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What the Indo-Japan nuclear MoU actually means

By Debalina Ghoshal
December 17, 2015 16:30 IST
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There are many reasons for Japan to turn a deaf ear to its anti-nuclear lobby and concentrate on its geo-strategic imperatives to sign the nuclear deal with India, says Debalina Ghoshal.

State-to-State cooperation is always a product of geopolitical and geo-strategic considerations, and the recent Indo-Japan nuclear memorandum of understanding bears testimony to this. With Japan’s Prime Minister Shinzo Abe’s visit from December 11-13, the civil nuclear memorandum has finally been inked. 

 
This memorandum was inked despite Japan’s apprehensions of India not being a Non Proliferation Treaty member. With the MoU signed now, it is hoped that before long the nuclear deal would also be inked between the two countries. 
 
There are myriad reasons for Japan to turn a deaf ear to the anti-nuclear lobby in Japan and concentrate on its geo-strategic, geopolitical and geo-economic imperatives to sign the nuclear deal with India.
 
First: there are greater strategic stakes for both India and Japan in the South China Sea. Abe’s India visit distinctly marked both India and Japan’s strategic interests in South China Sea. In Abe’s recent visit, both India and Japan have called on countries (read, China) to 'avoid unilateral actions' in the South China Sea to prevent any tensions.
 
This is not surprising as the South China Sea stands as a critical juncture to the sea lanes of communication for both Japan and India with big energy stakes, and the growing Chinese influence in the region is detrimental to both Japan and India's strategic stakes.
 
Second: for Japan, with the increasing influence of Beijing not just in the South China Sea but also in the East China Sea, especially with the dispute over the Senkaku/Diaoyu Islands, India seems to be a viable partner for countering the growing influence of China.
 
There is also a possibility of strengthening security cooperation, and this is evident from Japan’s keen interest in regularly participating in the Indo-United States joint Malabar Exercise.
 
Third: there is a burgeoning defence market that Japan can capture in India. India is already interested in buying ShinMaywa US-2 amphibious search-and-rescue aircrafts from Japan, though this deal was not concluded in the recent visit. In 2014, reports confirmed that Japan had relaxed its self-imposed ban on export of weapons as a measure to bolster its defence industry.
 
Fourth: Japan’s support for India’s 'Make in India’ initiative has resulted in Japan agreeing to invest $12 billion. An Official Development Assistance of $5 billion is also set aside for India.
 
Japan’s infrastructure industry would also aim to achieve its gains as India desires infratructural development. Bullet train projects, industrial township projects to promote Make in India initiative are all an asset to the Indo-Japan bilateral relationship.
 
Japan is the fourth largest foreign investor in India accounting for seven per cent of all Foreign Direct Investment flowing into India. The Delhi-Mumbai Industrial Corridor and Chennai Bengaluru Industrial Corridor would also attract Japanese investment. Japan, therefore, views India as an attractive market to invest in.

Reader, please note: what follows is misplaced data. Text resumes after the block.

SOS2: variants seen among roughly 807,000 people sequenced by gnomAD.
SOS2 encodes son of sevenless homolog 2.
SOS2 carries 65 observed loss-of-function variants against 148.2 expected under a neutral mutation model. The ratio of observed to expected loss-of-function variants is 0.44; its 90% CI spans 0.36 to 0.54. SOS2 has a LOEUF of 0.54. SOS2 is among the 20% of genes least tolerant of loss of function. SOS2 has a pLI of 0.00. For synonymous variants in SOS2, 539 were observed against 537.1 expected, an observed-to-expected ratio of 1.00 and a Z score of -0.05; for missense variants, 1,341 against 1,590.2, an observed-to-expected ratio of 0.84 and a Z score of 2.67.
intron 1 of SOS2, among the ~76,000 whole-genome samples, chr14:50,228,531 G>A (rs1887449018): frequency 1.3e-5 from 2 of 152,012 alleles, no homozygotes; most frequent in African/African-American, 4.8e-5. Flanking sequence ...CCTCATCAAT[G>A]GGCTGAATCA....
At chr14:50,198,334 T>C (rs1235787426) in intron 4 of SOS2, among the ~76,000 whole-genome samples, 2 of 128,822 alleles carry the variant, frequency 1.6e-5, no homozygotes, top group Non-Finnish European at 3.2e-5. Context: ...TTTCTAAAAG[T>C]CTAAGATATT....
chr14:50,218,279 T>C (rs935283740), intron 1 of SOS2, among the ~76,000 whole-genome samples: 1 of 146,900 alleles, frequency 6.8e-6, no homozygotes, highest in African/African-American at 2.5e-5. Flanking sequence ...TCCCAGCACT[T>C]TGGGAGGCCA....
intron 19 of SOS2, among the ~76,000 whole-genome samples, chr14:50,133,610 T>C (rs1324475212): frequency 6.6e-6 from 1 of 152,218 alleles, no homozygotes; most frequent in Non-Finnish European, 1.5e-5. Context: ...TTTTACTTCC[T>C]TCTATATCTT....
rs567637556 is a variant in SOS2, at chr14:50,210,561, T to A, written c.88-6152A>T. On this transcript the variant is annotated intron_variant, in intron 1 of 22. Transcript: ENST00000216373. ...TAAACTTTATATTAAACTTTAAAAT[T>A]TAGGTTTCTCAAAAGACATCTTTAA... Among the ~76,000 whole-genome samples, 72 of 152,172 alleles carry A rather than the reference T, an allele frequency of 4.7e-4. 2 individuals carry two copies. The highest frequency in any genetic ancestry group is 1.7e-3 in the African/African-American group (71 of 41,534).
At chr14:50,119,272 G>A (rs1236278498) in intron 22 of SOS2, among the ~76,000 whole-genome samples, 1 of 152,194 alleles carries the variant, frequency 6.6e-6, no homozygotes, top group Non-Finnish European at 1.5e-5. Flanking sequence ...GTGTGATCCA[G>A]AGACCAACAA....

Fifth: India’s nuclear energy market is growing and there is great deal of opportunity for Japan and Japanese owned US nuclear firms to invest in, such as Westinghouse by Toshiba and General Electric by Hitachi. 
 
The Indo-US nuclear deal has proved fruitful for India and due to the Nuclear Suppliers Group waiver, India has attracted nuclear power houses from across the world to invest in its nuclear power industry.
 
But, the hurdle in the Indo-Japan nuclear deal has prevented the American nuclear firms partnered with the Japanese nuclear firms to exploit the benefits of the Indo-US nuclear deal.
 
The road blocks
 
However, companies such as GE may find it difficult to invest in the Indian nuclear industry even if there is a nuclear deal between Japan and India, as GE has already expressed its concerns and apprehensions over India's Civil Nuclear Liability Act.
 
Japan has also clarified its stance on nuclear testing. Any further nuclear tests conducted by India would lead to Japan reviewing its nuclear cooperation. But despite this, there has, however, been a positive view in Japan of India’s nuclear weapons testing. Japan believes that India would not violate its own self-imposed moratorium on nuclear testing.
 
As the Vision Statement 2025 aims to build a 'stronger bilateral strategic partnership' which requires 'deep and broad-based cooperation and concrete actions in defence, security, economic and cultural fields', nuclear cooperation too would form an integral component of this Vision Statement.
 
Both India and Japan should see the nuclear cooperation as a platform to enhance cooperation to 'strengthen mutual confidence and strategic partnership'. While the MoU on nuclear cooperation is already in place, India as well as the Japanese-owned US nuclear firms only hope that the nuclear deal between India and Japan is signed at the earliest. 
 
The final deal, though, remains to be signed though there are technical and legal imperatives which would need to be taken into consideration. That could slow down the pace of the finalisation of the deal.
 
These could include the issue of reprocessing spent fuel and also India’s nuclear liability law.
 
Image: Japan's Prime Minister Shinzo Abe (left) and his Indian counterpart Narendra Modi share a light moment at Hyderabad House, New Delhi. Photograph: Adnan Abidi/Reuters
 
Debalina Ghoshal is research associate, Delhi Policy Group.
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